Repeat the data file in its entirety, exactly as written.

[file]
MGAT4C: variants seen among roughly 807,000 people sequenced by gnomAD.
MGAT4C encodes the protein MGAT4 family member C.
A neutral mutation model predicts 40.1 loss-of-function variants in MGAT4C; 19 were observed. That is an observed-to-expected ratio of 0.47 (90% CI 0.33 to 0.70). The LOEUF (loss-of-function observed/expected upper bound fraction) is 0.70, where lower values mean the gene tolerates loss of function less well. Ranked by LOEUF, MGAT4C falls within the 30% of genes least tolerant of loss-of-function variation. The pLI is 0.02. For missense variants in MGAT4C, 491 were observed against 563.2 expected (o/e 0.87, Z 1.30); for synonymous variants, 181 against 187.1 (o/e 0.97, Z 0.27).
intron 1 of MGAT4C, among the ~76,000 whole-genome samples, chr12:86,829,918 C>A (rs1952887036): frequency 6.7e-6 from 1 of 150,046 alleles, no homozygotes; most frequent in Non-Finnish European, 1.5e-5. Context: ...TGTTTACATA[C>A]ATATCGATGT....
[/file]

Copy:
MGAT4C: variants seen among roughly 807,000 people sequenced by gnomAD.
MGAT4C encodes the protein MGAT4 family member C.
A neutral mutation model predicts 40.1 loss-of-function variants in MGAT4C; 19 were observed. That is an observed-to-expected ratio of 0.47 (90% CI 0.33 to 0.70). The LOEUF (loss-of-function observed/expected upper bound fraction) is 0.70, where lower values mean the gene tolerates loss of function less well. Ranked by LOEUF, MGAT4C falls within the 30% of genes least tolerant of loss-of-function variation. The pLI is 0.02. For missense variants in MGAT4C, 491 were observed against 563.2 expected (o/e 0.87, Z 1.30); for synonymous variants, 181 against 187.1 (o/e 0.97, Z 0.27).
intron 1 of MGAT4C, among the ~76,000 whole-genome samples, chr12:86,829,918 C>A (rs1952887036): frequency 6.7e-6 from 1 of 150,046 alleles, no homozygotes; most frequent in Non-Finnish European, 1.5e-5. Context: ...TGTTTACATA[C>A]ATATCGATGT....